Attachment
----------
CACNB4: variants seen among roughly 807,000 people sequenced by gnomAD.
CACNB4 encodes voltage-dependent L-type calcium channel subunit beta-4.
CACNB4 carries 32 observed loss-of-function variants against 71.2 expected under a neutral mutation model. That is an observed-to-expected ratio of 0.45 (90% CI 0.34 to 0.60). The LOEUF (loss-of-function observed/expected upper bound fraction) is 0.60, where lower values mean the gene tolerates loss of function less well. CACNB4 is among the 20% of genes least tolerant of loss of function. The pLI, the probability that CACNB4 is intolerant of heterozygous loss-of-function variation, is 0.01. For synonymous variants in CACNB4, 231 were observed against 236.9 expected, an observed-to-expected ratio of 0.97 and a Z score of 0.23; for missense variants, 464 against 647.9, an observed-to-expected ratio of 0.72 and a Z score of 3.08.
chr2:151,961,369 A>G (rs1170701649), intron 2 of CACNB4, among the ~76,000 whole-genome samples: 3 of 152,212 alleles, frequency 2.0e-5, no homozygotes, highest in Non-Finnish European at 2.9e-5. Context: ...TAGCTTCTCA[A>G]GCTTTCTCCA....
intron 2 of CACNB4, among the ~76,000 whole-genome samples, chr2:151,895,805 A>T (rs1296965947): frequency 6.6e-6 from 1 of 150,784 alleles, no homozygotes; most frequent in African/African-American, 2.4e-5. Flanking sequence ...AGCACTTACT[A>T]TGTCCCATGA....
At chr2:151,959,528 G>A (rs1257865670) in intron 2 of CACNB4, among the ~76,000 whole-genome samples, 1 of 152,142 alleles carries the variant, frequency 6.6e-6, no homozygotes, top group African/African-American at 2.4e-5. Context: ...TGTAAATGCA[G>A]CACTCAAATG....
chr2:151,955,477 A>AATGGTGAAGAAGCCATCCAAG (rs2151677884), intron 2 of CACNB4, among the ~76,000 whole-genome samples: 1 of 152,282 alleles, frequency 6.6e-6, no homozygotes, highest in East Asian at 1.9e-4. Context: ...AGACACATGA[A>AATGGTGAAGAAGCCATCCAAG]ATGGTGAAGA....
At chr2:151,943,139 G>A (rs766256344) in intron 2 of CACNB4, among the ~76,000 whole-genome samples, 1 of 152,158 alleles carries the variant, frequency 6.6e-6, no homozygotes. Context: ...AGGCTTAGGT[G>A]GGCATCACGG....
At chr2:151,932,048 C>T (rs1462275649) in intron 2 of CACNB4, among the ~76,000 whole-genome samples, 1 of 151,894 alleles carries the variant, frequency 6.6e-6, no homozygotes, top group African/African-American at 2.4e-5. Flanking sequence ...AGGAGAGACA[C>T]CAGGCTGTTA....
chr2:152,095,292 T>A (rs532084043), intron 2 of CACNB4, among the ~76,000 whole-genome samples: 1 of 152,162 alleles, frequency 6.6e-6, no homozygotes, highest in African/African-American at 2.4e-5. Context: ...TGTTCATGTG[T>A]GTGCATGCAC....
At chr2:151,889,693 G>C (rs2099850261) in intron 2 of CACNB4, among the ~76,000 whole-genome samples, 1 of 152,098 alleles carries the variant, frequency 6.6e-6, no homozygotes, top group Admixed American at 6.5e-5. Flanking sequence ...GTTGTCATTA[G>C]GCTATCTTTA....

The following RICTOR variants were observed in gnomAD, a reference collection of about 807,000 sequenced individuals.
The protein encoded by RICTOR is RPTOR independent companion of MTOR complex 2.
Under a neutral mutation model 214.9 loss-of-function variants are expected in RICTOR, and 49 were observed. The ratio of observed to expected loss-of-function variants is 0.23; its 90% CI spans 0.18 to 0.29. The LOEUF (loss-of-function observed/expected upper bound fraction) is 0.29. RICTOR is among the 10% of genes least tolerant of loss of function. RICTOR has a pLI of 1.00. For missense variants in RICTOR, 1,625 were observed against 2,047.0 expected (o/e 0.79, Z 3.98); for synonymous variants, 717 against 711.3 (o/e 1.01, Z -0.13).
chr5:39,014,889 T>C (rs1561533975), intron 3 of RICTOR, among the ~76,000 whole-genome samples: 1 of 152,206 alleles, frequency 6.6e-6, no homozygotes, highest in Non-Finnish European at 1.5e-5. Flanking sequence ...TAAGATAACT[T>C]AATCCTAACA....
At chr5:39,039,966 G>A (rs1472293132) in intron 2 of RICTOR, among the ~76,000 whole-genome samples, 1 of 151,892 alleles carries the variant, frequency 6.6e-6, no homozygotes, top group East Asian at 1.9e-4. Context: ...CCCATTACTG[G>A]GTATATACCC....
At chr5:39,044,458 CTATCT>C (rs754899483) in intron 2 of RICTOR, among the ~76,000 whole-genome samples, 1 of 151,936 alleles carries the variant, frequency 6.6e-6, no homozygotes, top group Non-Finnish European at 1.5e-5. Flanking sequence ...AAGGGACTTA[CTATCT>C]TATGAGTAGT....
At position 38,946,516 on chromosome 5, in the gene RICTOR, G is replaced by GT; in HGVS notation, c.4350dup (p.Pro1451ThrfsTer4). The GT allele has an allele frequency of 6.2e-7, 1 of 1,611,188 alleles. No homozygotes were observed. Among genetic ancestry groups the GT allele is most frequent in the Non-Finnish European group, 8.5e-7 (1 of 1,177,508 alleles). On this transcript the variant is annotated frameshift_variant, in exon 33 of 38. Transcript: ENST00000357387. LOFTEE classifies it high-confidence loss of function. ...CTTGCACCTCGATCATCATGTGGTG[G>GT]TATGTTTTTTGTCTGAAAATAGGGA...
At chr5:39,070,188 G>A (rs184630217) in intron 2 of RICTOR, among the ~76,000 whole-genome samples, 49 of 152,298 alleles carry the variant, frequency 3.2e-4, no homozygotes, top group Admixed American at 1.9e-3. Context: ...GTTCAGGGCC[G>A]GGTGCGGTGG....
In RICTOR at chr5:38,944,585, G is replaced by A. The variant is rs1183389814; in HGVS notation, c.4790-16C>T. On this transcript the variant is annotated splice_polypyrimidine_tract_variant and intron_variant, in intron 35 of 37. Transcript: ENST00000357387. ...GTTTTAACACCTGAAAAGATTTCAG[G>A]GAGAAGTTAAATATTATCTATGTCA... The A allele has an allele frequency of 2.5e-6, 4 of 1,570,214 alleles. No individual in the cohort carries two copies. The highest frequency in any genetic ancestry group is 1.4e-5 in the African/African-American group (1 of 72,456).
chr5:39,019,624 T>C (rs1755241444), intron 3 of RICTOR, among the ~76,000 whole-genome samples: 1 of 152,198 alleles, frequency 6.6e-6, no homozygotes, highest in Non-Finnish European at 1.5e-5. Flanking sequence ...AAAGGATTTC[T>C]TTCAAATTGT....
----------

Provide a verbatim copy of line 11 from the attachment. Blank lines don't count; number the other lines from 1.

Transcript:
At chr2:151,889,693 G>C (rs2099850261) in intron 2 of CACNB4, among the ~76,000 whole-genome samples, 1 of 152,098 alleles carries the variant, frequency 6.6e-6, no homozygotes, top group Admixed American at 6.5e-5. Flanking sequence ...GTTGTCATTA[G>C]GCTATCTTTA....